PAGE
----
Journal Issue:
Bulletin: Volume 2, Issue 15

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Sugar beet growing
( 2017-07-17) Wilson, James ; Patrick, G. ; Curtiss, C. ; Kent, D. ; Extension and Experiment Station Publications

The interest that attaches to beet growing in Iowa induced this station to conduct an experiment embracing conditions common to this industry by the farmer. Seed of German (Klein Wanzlebener) and French (Dippes Vilmorin) varieties were obtained from the Department of Agriculture; also a French variety called Desprez from Oxnard Bros., Grand Island, Nebraska. The ground selected was a piece of fall plowing adjoining timber. Some of it had been recently cleared. The piece comprised the following varieties of soil: Upland, sandy loam, low rich loam, medium sandy loam, timber clay loam, and stiff timber clay, all comparatively new. In order to ascertain the best time to plant sugar beets we begun April 15 and planted once each week, until May 25. We also desired to ascertain what benefit, if any, would be derived from fertilizing. Lime was used. A commercial fertilizer containing ammonia, phosphoric acid, and potash, valued especially for sugar cane in the South, was used; also ammoniated super-phosphate.

Best varieties of oats
( 2017-07-17) Wilson, James ; Curtiss, C. ; Kent, D. ; Extension and Experiment Station Publications

With a view to ascertaining what varieties of oats are best adapted to our soil and climate, eleven of the most promising 'varieties that could be obtained were grown for a comparative test as to yield, quality and ability to withstand attacks of rust and other diseases. The ground used was a piece of fall plowed corn ground, harrowed once before sowing and twice afterward. The soil was sandy loam and had been under cultivation for a number of years. The seeding was done early, April 8th and 10th, and the soil was too wet to admit of the use of a cultivator.

Sugar beets in Iowa, 1891, not including those grown on the station grounds
( 2017-07-17) Patrick, G. ; Eaton, E. ; Bisbee, D. ; Extension and Experiment Station Publications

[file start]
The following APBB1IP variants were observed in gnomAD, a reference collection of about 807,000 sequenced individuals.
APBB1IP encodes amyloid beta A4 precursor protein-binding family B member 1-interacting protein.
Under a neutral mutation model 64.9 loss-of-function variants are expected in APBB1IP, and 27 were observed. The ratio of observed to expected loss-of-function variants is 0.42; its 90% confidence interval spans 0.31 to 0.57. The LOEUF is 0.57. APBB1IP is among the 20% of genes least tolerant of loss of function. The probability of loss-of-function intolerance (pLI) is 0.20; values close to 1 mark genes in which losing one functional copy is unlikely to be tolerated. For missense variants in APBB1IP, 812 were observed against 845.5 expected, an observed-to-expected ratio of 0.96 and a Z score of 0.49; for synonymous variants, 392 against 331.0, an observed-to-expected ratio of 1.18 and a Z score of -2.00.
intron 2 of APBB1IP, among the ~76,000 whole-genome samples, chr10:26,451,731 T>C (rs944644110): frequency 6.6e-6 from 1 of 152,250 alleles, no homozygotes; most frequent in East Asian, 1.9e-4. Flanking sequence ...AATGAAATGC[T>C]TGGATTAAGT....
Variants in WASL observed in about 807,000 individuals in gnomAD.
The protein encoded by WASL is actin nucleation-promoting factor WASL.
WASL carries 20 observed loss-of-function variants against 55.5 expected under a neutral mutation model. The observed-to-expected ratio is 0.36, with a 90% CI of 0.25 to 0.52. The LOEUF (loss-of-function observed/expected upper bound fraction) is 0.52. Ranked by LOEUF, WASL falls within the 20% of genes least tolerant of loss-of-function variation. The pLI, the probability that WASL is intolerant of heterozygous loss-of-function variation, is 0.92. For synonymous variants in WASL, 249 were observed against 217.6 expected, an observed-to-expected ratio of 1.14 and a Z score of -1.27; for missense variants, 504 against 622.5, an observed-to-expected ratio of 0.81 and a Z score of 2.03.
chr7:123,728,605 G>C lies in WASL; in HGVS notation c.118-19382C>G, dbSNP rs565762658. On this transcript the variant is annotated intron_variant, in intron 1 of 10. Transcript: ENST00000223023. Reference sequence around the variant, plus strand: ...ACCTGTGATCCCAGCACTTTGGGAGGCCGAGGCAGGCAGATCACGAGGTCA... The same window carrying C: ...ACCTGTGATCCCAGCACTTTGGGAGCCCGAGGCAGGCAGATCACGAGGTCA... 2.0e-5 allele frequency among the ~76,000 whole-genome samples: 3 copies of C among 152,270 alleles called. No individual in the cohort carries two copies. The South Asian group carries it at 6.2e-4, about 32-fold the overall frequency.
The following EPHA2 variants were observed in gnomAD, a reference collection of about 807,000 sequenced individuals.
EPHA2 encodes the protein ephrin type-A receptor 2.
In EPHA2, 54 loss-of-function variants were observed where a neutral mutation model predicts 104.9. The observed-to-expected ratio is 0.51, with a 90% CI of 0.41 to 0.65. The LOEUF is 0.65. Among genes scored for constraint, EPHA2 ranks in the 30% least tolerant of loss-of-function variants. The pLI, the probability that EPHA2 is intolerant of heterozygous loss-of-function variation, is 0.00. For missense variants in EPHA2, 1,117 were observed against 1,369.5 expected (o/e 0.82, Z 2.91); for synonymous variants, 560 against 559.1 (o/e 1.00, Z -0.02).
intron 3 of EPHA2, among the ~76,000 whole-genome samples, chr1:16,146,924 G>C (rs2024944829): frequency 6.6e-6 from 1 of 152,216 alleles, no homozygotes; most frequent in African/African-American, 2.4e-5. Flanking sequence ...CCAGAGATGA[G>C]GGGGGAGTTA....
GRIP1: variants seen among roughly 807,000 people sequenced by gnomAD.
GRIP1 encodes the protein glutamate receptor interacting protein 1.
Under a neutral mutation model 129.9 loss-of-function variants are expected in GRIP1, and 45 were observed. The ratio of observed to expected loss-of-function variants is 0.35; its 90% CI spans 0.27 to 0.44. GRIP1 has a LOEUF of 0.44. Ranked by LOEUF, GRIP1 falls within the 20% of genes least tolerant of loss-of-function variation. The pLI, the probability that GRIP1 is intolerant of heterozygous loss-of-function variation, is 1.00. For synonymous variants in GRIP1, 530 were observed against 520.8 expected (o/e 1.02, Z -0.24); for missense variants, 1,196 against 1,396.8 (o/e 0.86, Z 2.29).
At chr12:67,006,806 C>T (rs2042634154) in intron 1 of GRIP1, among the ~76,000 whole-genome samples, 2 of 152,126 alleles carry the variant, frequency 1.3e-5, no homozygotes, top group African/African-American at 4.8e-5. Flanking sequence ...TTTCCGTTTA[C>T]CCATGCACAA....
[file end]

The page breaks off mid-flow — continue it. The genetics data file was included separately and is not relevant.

The proposition made in Bulletin No. 12 for an extensive investigation of the possibilities of sugar beet culture in this state, to be made jointly by the farmers of the state and the chemical section of the station, has resulted in the work whose numerical data are reported in this article.

The results here recorded are almost wholly those obtained in the laboratory. The information furnished by the growers regarding the character of the soil in which the beets were grown and its treatment before planting and during growth of the crop, must be brought into condensed form before it can be of much value to the public, (even if it then be), and as it will take considerable time to do this, that portion of our report is reserved for a future bulletin.

Front matter
( 2017-07-17) Extension and Experiment Station Publications
Soiling experiment
( 2017-07-17) Wilson, James ; Patrick, G. ; Curtis, C. ; Kent, D. ; Extension and Experiment Station Publications

The losses that occur annually to our farmers from the drying up of their pastures in July, August, and September, induced us to grow a few acres of green feed, and ascertain to what extent such feed, of different kinds, can be had from an acre of land; how much a cow requires of each kind, and the effect of such feeding on quantity and quality of milk, compared with well watered, well shaded, good blue grass pastures.

Our dairies are mostly idle because the cows have gone dry. and the cows have gone dry because their pastures have failed and provision was not made on a large majority of farms to furnish them with something on which they could give milk. A succession of dry summers has regularly shortened our pastures, and made cows unprofitable, when all the elements of growth are present except moisture, or an arrangement of different crops sown at different times so that some one may always be at its best for cutting for green feed.